Check our new film on one of the most famous and foundational cases in the history of the Supreme Court, McCulloch v. Maryland. In 1791, Alexander Hamilton founded a National Bank. Pretty simple, right? But this simple act set off a fight over who had power over whom, the States or the newly-formed Federal Government. The answer lay in one line in Article VI of the Constitution: The Supremacy Clause.
Learn more in our new film The Supremacy Clause: McCulloch v. Maryland.
“Scene at the Signing of the Constitution of the United States,” by Howard Chandler Christy (Architect of the Capitol)
230 years ago today, many of the nation’s leading minds met in a sweltering room in the middle of a Philadelphia heat wave to revise a document called The Articles of Confederation. The Articles had been a big problem. They left too much power to the states. Congress, the only branch of the federal government in the Articles, had almost no power over the states. And as the country fought for independence from Great Britain, that had been disastrous, as the Continental Army struggled to supply itself through a government with no ability to raise funds.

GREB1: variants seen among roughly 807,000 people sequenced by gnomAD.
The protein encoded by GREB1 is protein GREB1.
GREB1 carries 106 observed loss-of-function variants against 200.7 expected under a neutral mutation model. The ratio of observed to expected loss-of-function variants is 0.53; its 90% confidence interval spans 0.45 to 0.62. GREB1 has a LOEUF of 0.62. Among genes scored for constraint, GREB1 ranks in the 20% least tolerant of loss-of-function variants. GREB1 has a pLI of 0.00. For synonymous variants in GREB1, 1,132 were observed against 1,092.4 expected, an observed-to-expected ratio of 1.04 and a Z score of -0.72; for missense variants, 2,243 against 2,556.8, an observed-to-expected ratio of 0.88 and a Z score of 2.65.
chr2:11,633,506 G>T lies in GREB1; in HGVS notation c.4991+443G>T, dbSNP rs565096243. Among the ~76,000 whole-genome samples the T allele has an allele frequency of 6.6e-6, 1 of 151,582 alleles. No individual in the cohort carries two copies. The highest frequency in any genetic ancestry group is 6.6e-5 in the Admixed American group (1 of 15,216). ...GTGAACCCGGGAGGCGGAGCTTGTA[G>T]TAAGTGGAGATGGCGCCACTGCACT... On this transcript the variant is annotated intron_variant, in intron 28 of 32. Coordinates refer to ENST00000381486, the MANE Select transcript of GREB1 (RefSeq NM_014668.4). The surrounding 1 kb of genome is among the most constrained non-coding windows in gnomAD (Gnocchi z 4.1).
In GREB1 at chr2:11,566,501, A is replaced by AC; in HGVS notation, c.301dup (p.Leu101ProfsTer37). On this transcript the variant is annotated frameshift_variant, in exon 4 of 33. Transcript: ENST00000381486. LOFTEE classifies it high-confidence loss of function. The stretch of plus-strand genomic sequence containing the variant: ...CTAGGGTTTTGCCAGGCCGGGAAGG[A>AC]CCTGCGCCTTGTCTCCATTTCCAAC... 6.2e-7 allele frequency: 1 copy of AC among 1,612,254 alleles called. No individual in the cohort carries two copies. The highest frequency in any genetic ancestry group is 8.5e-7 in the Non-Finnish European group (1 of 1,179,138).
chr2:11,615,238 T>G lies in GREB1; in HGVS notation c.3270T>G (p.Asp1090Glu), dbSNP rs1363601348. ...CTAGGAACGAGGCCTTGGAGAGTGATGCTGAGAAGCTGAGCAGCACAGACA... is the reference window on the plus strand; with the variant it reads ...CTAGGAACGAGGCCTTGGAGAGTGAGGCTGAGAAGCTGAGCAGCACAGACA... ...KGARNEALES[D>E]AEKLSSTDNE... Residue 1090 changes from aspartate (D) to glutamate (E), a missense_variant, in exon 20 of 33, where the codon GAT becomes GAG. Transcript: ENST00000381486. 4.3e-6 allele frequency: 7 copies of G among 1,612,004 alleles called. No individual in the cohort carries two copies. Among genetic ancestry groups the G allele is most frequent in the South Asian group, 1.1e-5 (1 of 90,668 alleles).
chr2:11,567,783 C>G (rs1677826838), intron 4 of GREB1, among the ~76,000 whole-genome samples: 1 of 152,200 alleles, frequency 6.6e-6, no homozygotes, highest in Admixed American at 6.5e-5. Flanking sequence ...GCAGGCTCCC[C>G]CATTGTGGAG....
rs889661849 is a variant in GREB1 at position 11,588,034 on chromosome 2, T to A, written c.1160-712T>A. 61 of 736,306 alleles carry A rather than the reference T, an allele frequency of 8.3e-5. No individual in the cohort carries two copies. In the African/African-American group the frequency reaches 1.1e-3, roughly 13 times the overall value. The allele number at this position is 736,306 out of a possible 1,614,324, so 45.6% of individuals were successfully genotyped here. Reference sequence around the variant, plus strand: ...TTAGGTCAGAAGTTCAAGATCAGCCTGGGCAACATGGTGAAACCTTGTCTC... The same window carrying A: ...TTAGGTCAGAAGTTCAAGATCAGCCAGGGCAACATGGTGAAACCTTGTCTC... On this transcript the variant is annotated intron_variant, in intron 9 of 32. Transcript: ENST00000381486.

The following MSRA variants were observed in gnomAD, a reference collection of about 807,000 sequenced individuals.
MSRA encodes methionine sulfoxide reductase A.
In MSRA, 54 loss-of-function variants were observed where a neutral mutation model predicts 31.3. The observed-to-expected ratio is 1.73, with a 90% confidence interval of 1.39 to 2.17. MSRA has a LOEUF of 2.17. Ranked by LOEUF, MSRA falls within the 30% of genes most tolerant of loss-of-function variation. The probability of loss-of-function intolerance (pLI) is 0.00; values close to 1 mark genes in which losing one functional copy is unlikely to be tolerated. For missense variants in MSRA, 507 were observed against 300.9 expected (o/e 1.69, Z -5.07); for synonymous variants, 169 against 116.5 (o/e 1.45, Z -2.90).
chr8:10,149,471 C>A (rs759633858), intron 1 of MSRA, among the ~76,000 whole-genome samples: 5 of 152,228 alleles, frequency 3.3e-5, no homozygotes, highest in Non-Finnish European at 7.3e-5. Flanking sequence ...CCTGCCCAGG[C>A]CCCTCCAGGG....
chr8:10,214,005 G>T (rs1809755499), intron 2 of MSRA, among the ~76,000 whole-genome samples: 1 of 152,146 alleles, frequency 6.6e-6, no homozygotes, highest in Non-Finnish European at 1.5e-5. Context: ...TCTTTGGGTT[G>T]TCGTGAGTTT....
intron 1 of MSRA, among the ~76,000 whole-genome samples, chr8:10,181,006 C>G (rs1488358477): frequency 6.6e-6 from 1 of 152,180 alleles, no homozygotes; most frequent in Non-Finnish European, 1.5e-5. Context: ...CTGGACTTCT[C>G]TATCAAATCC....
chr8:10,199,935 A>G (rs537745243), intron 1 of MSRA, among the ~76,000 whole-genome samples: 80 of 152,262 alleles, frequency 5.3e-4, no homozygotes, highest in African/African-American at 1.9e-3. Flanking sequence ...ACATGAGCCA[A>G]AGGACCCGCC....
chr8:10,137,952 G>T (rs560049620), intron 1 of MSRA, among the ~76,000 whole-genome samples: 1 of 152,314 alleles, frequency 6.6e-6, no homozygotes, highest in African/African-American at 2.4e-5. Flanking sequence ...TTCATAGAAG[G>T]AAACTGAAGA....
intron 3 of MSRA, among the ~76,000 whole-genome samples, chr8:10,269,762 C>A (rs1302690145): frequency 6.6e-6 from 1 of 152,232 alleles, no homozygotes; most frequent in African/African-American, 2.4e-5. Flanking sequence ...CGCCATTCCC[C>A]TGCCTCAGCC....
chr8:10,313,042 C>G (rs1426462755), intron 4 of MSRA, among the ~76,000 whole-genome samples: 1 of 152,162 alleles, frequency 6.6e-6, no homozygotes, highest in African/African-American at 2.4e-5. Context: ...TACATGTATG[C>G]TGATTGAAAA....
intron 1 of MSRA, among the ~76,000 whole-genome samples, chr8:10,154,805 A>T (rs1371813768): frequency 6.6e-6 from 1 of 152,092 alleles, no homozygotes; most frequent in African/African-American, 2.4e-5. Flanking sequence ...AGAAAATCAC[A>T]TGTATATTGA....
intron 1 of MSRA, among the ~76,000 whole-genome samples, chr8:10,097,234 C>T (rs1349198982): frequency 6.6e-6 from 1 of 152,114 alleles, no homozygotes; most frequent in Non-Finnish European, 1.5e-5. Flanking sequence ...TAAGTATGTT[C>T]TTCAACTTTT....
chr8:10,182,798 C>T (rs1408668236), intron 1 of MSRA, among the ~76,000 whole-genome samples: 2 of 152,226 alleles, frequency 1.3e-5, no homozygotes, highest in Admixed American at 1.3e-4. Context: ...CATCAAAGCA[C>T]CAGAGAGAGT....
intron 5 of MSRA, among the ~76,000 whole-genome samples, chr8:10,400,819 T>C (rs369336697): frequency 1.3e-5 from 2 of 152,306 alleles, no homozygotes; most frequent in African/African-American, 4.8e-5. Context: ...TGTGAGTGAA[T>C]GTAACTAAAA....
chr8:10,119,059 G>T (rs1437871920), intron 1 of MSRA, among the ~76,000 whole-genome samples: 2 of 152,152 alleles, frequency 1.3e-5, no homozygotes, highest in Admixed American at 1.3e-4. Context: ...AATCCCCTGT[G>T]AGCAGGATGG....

To many delegates — including George Washington, James Madison and Alexander Hamilton — revising the Articles didn’t go far enough. They needed to be scrapped entirely so that something better could take its place, something that created a strong, central government — one with clear, enumerated (but still limited) powers over the states. So that’s just what they did. Working in secret over the next three months, the Founders of our country labored over the four pages of parchment that would create the United States Federal Government and underly all of American law from that point forward, the Constitution of the United States.
Learn more about the drafting of this revolutionary document in our film Creating a Constitution.